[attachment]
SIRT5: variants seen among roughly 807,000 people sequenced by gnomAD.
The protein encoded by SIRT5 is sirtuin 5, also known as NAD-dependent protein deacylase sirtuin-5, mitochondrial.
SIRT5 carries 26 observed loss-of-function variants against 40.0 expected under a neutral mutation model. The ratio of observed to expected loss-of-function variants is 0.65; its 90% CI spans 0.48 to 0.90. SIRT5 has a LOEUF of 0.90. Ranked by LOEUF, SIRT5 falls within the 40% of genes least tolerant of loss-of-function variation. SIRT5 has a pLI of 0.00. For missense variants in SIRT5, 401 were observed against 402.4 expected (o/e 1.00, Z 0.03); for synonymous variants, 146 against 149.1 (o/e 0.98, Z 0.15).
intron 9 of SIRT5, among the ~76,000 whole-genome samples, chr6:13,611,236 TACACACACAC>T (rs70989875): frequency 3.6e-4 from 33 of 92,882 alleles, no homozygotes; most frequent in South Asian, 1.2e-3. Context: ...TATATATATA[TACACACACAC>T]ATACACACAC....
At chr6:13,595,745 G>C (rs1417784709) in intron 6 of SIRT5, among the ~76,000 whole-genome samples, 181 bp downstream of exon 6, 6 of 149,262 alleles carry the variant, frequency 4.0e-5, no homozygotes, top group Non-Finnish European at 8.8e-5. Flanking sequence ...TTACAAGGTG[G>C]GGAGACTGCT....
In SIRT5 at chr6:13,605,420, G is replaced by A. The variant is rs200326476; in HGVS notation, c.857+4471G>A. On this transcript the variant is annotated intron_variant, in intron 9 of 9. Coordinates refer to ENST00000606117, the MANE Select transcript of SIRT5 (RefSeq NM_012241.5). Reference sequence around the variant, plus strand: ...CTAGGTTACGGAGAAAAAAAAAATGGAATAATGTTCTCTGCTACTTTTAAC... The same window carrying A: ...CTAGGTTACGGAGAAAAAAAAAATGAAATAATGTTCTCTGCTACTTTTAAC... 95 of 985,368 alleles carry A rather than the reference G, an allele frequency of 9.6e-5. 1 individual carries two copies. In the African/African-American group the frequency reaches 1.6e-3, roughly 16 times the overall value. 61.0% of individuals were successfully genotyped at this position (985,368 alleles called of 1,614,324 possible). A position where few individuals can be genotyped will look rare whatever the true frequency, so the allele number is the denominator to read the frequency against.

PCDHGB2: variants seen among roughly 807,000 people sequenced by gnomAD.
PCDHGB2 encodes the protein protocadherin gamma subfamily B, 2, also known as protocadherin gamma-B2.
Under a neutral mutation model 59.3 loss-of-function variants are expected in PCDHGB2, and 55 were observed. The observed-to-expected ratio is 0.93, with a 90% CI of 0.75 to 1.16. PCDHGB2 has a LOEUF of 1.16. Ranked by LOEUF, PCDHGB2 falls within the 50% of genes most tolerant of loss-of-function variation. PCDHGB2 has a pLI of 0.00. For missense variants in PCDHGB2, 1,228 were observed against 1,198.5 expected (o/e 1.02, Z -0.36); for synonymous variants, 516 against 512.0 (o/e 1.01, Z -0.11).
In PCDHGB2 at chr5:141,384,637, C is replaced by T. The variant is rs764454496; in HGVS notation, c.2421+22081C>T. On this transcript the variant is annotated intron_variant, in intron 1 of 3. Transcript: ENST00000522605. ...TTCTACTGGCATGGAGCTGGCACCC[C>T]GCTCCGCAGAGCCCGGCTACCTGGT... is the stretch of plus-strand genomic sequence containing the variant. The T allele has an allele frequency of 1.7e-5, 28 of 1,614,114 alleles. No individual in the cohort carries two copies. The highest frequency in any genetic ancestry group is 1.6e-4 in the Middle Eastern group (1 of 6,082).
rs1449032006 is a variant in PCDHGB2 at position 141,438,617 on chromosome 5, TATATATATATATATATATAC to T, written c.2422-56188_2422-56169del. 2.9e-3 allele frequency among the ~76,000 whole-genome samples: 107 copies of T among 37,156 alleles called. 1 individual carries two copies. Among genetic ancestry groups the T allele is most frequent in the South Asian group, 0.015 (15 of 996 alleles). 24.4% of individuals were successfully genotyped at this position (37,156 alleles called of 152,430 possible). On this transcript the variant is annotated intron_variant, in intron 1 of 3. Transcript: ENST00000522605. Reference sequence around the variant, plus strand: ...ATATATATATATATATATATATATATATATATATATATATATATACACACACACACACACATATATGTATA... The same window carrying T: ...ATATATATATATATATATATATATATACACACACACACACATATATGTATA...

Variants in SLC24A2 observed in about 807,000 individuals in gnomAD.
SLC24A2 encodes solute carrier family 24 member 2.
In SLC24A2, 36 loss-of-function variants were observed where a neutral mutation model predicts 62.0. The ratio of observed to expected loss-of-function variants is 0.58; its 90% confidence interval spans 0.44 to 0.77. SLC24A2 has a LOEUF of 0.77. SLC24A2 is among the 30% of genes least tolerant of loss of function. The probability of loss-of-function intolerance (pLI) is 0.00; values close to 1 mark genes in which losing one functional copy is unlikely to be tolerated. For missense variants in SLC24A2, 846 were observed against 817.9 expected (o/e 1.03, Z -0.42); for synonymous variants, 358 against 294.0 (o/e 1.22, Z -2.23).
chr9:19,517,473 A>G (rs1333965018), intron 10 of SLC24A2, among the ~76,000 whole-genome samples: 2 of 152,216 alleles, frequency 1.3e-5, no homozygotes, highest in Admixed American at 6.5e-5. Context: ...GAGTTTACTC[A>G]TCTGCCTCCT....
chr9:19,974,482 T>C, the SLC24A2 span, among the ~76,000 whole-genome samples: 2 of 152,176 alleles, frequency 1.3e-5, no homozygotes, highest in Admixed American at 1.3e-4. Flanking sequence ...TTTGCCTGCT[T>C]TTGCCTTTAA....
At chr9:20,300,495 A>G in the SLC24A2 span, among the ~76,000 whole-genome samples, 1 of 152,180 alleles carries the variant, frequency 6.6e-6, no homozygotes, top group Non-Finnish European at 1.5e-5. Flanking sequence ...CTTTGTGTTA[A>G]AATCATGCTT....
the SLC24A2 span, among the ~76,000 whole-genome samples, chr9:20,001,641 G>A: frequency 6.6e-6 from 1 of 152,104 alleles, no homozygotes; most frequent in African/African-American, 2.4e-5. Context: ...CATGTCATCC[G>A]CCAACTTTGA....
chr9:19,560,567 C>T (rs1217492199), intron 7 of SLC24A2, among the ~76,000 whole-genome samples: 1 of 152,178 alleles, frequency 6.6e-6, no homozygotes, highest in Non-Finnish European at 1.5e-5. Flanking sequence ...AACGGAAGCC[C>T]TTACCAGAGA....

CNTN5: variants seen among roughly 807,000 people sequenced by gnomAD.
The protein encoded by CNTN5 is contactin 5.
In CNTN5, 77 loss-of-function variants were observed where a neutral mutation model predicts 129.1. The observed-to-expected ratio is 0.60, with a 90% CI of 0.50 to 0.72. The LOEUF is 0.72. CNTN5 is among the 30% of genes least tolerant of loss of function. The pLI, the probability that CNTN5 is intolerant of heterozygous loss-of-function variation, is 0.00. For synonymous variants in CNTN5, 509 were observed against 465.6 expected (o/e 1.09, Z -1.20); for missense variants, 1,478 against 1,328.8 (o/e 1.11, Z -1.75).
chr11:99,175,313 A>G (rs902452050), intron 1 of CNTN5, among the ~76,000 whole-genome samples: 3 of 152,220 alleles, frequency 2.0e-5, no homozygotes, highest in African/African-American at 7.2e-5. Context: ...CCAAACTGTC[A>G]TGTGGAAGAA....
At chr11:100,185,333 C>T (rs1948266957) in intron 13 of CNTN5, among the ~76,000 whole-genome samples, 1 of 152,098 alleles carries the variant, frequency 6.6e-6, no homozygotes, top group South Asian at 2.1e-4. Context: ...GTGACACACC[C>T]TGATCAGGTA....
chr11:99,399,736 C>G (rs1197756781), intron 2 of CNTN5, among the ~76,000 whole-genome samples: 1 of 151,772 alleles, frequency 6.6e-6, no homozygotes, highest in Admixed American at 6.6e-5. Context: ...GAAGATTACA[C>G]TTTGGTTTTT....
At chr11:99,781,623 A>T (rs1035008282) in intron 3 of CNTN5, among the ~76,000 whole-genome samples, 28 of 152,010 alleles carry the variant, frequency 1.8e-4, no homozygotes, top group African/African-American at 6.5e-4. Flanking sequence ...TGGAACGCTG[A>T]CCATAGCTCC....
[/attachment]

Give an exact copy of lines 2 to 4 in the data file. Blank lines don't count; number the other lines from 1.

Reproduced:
The protein encoded by SIRT5 is sirtuin 5, also known as NAD-dependent protein deacylase sirtuin-5, mitochondrial.
SIRT5 carries 26 observed loss-of-function variants against 40.0 expected under a neutral mutation model. The ratio of observed to expected loss-of-function variants is 0.65; its 90% CI spans 0.48 to 0.90. SIRT5 has a LOEUF of 0.90. Ranked by LOEUF, SIRT5 falls within the 40% of genes least tolerant of loss-of-function variation. SIRT5 has a pLI of 0.00. For missense variants in SIRT5, 401 were observed against 402.4 expected (o/e 1.00, Z 0.03); for synonymous variants, 146 against 149.1 (o/e 0.98, Z 0.15).
intron 9 of SIRT5, among the ~76,000 whole-genome samples, chr6:13,611,236 TACACACACAC>T (rs70989875): frequency 3.6e-4 from 33 of 92,882 alleles, no homozygotes; most frequent in South Asian, 1.2e-3. Context: ...TATATATATA[TACACACACAC>T]ATACACACAC....